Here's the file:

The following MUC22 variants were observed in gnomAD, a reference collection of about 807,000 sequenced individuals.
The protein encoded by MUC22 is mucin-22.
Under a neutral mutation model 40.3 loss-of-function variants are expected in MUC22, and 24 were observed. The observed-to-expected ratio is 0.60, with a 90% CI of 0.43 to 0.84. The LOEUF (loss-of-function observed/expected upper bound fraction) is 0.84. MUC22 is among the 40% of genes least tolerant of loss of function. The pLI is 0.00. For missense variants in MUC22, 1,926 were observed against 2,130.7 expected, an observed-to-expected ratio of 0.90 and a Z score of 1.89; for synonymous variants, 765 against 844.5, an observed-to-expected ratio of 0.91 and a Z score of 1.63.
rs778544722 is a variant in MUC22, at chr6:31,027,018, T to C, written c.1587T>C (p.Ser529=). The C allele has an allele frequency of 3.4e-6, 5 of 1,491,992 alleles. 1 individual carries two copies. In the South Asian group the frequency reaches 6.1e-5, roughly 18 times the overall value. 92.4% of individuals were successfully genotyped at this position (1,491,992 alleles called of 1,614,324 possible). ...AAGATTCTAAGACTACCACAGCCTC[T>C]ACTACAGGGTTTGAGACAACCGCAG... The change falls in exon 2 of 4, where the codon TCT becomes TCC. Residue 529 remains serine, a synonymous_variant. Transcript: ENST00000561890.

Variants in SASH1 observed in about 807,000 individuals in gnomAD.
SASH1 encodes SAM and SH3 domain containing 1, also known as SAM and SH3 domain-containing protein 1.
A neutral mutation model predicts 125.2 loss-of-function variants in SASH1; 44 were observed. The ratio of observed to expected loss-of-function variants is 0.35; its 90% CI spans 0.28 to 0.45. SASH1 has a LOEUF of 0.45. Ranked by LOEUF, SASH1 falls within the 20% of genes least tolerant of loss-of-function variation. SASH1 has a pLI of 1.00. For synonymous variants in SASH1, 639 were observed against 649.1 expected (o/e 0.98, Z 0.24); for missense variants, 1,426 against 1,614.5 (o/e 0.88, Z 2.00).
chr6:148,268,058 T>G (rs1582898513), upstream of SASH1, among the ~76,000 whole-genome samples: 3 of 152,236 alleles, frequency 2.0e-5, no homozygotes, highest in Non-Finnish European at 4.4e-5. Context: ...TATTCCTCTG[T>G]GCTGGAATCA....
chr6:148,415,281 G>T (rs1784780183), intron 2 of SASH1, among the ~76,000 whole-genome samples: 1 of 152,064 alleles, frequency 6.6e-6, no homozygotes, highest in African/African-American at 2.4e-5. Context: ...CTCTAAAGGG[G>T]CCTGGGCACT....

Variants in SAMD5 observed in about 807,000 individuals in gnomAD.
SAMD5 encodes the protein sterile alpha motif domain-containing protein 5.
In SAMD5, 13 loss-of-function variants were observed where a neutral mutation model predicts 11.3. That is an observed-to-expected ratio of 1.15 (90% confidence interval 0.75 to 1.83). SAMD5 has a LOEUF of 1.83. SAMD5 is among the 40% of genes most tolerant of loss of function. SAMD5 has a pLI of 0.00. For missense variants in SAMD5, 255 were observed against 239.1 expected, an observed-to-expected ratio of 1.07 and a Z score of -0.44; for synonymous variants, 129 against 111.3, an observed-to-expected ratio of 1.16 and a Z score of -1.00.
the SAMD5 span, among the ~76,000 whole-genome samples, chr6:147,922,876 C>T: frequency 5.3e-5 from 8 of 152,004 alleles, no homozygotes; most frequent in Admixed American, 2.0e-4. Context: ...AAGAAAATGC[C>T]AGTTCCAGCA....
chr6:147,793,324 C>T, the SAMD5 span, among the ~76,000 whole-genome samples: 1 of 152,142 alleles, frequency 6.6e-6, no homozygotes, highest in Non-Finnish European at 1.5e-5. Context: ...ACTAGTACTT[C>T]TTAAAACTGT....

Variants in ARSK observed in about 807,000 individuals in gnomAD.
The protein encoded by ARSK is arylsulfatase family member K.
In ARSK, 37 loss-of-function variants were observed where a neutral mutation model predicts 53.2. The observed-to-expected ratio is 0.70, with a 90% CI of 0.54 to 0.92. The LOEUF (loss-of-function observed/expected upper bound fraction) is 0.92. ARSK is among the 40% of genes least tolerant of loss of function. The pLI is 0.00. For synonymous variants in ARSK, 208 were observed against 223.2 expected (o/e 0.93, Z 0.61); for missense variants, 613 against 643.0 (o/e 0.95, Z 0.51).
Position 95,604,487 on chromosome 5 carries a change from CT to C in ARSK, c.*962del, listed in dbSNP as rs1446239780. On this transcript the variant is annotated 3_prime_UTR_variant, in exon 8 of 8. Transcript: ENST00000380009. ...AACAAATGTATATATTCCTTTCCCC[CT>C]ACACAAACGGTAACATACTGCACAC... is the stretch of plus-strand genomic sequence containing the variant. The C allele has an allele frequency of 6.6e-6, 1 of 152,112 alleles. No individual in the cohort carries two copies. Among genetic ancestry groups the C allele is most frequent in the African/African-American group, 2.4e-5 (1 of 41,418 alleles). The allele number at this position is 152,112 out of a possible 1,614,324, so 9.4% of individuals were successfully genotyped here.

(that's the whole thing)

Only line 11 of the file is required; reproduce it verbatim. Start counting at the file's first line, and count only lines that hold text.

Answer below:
SAMD5 encodes the protein sterile alpha motif domain-containing protein 5.